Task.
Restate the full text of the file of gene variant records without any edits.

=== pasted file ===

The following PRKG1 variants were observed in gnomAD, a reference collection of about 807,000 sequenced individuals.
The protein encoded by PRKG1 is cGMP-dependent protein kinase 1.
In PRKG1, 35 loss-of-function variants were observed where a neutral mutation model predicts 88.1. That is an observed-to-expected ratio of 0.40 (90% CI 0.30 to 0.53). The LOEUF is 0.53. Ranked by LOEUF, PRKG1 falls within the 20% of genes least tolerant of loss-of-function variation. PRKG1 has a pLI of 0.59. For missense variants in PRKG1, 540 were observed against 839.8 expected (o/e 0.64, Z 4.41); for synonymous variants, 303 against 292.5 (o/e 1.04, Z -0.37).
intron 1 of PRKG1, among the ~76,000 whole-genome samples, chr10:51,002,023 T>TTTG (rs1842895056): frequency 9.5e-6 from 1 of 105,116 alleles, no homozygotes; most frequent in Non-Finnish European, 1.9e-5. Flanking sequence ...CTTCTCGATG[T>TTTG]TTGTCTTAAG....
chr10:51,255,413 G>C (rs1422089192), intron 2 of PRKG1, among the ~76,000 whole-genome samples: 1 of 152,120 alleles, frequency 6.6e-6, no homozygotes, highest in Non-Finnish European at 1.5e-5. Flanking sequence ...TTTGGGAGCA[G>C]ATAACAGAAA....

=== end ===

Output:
The following PRKG1 variants were observed in gnomAD, a reference collection of about 807,000 sequenced individuals.
The protein encoded by PRKG1 is cGMP-dependent protein kinase 1.
In PRKG1, 35 loss-of-function variants were observed where a neutral mutation model predicts 88.1. That is an observed-to-expected ratio of 0.40 (90% CI 0.30 to 0.53). The LOEUF is 0.53. Ranked by LOEUF, PRKG1 falls within the 20% of genes least tolerant of loss-of-function variation. PRKG1 has a pLI of 0.59. For missense variants in PRKG1, 540 were observed against 839.8 expected (o/e 0.64, Z 4.41); for synonymous variants, 303 against 292.5 (o/e 1.04, Z -0.37).
intron 1 of PRKG1, among the ~76,000 whole-genome samples, chr10:51,002,023 T>TTTG (rs1842895056): frequency 9.5e-6 from 1 of 105,116 alleles, no homozygotes; most frequent in Non-Finnish European, 1.9e-5. Flanking sequence ...CTTCTCGATG[T>TTTG]TTGTCTTAAG....
chr10:51,255,413 G>C (rs1422089192), intron 2 of PRKG1, among the ~76,000 whole-genome samples: 1 of 152,120 alleles, frequency 6.6e-6, no homozygotes, highest in Non-Finnish European at 1.5e-5. Flanking sequence ...TTTGGGAGCA[G>C]ATAACAGAAA....